9. Acts 12:7-8 An angel spoke to imprisoned Peter to give him directions to get out of the jail.
And behold, an angel of the Lord stood next to him, and a light shone in the cell. He struck Peter on the side and woke him, saying, “Get up quickly.” And the chains fell off his hands. And the angel said to him, “Dress yourself and put on your sandals.” And he did so. And he said to him, “Wrap your cloak around you and follow me.”
10. Acts 13:1-3, The Spirit spoke to the church in Antioch, calling them to begin the missionary movement.
Now there were in the church at Antioch prophets and teachers, Barnabas, Simeon who was called Niger, Lucius of Cyrene, Manaen a lifelong friend of Herod the tetrarch, and Saul. While they were worshiping the Lord and fasting, the Holy Spirit said, “Set apart for me Barnabas and Saul for the work to which I have called them.” Then after fasting and praying they laid their hands on them and sent them off.
In a time of worship, a direct message came from the Spirit to send two specific people – Barnabas and Saul – off on a work, spreading the gospel to the Gentiles.
11. Acts 16:6-10 provides a series of 3 clear instances of the Spirit’s leading.
And they went through the region of Phrygia and Galatia, having been forbidden by the Holy Spirit to speak the word in Asia. 7 And when they had come up to Mysia, they attempted to go into Bithynia, but the Spirit of Jesus did not allow them. 8 So, passing by Mysia, they went down to Troas. 9 And a vision appeared to Paul in the night: a man of Macedonia was standing there, urging him and saying, “Come over to Macedonia and help us.” 10 And when Paul had seen the vision, immediately we sought to go on into Macedonia, concluding that God had called us to preach the gospel to them.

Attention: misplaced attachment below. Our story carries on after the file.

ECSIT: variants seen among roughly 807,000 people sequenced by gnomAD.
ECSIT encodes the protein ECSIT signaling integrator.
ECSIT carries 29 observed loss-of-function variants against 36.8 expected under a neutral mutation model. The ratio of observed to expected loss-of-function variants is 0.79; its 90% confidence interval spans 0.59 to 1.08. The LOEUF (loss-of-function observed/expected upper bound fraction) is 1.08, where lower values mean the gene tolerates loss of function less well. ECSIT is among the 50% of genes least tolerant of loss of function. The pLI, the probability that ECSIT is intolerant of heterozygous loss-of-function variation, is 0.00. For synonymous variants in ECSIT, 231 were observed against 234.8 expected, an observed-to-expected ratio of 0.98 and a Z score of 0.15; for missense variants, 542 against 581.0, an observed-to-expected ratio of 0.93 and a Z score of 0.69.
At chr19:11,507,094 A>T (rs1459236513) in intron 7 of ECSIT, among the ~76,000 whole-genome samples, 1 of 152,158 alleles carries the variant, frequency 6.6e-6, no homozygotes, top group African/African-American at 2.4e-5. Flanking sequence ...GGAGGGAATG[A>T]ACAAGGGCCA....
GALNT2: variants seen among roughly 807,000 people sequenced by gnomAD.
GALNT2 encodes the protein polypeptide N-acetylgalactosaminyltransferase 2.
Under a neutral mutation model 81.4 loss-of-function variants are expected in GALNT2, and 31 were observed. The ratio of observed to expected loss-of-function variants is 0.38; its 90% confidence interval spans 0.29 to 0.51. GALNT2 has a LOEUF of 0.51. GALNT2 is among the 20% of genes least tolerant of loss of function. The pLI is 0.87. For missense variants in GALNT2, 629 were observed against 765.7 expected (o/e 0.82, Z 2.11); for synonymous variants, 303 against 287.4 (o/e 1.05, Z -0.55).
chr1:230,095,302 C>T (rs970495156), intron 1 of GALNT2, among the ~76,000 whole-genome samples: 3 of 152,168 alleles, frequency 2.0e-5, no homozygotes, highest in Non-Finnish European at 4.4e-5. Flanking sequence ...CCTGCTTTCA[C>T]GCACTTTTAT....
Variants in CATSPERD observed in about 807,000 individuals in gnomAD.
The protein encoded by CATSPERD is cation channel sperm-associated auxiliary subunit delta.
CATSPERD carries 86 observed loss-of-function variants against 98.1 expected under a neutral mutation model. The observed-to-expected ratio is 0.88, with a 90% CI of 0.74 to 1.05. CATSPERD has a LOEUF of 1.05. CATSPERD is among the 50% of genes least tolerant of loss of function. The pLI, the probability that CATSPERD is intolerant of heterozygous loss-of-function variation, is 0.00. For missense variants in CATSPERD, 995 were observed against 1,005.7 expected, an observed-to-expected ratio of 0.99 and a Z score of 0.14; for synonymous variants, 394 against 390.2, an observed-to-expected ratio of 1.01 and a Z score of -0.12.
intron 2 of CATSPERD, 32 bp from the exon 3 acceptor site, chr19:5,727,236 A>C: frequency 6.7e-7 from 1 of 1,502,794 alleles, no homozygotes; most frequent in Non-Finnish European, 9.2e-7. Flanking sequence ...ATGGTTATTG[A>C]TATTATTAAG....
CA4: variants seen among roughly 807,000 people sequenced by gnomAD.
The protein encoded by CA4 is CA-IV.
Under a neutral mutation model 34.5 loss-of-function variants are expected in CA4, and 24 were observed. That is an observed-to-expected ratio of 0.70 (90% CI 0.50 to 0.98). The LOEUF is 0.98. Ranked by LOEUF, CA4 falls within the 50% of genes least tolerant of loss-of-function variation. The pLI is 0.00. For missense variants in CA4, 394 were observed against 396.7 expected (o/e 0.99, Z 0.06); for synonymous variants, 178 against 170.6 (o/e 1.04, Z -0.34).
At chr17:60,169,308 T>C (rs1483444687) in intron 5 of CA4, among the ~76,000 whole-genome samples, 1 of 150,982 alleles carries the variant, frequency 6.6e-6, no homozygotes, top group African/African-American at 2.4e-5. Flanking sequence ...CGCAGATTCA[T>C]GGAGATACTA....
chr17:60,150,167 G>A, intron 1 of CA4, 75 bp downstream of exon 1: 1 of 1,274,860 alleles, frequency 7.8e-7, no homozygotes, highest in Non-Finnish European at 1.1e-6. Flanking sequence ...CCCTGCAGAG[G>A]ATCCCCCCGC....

- First, as Paul was going through the Galatian region, he was forbidden by the Spirit to go to Asia Minor (Ephesus) to preach the gospel. That was his intent, but God said no.
- Then, he went to Mysia and decided to head north into Bithynia, but once again the Spirit of God would not permit it. Twice, the Spirit prevented Paul from going somewhere to preach the gospel of Jesus Christ!
- Finally, in the night, Paul had a vision of the Macedonian who invited him to “Come and help” and he realized it was a call from God to come and preach there (Philippi, Thessalonica, Berea).
So, Paul wanted to go to Ephesus, but God said no. He wanted to go to Bithynia, but God said no. Then God said “go to Macedonia” and Paul went – a specific call to ministry in a specific place.
12. Acts 17:11, Luke praises the Bereans who were “more noble” than those in Thessalonica because they searched the Scriptures for truth.
Though being led of the Spirit was an ever-present reality, truth and doctrine were seen as rooting in the word, not in promptings, leadings, and revelations.
13. Acts 18:9-10, the Lord spoke to Paul to let him know that staying in Corinth was safe and good.
And the Lord said to Paul one night in a vision, “Do not be afraid, but go on speaking and do not be silent, for I am with you, and no one will attack you to harm you, for I have many in this city who are my people.”
14. Acts 18:27, Paul “wished to cross to Achaia” from Ephesus. Again, we are not told why he wished to do this – was this his own volition or the result of some sort of leading. But it seems evident that Paul went about his work, not simply following every prompting he had, but strategizing and following the wisdom he gained as he did ministry, always willing to follow a prompting from God.
15. Acts 19:21 begins a strange saga that culminates in Paul’s arrest in Jerusalem and his trip to Rome. It has some complicated issues which I cannot and will not deal with today since we are simply looking at the facts.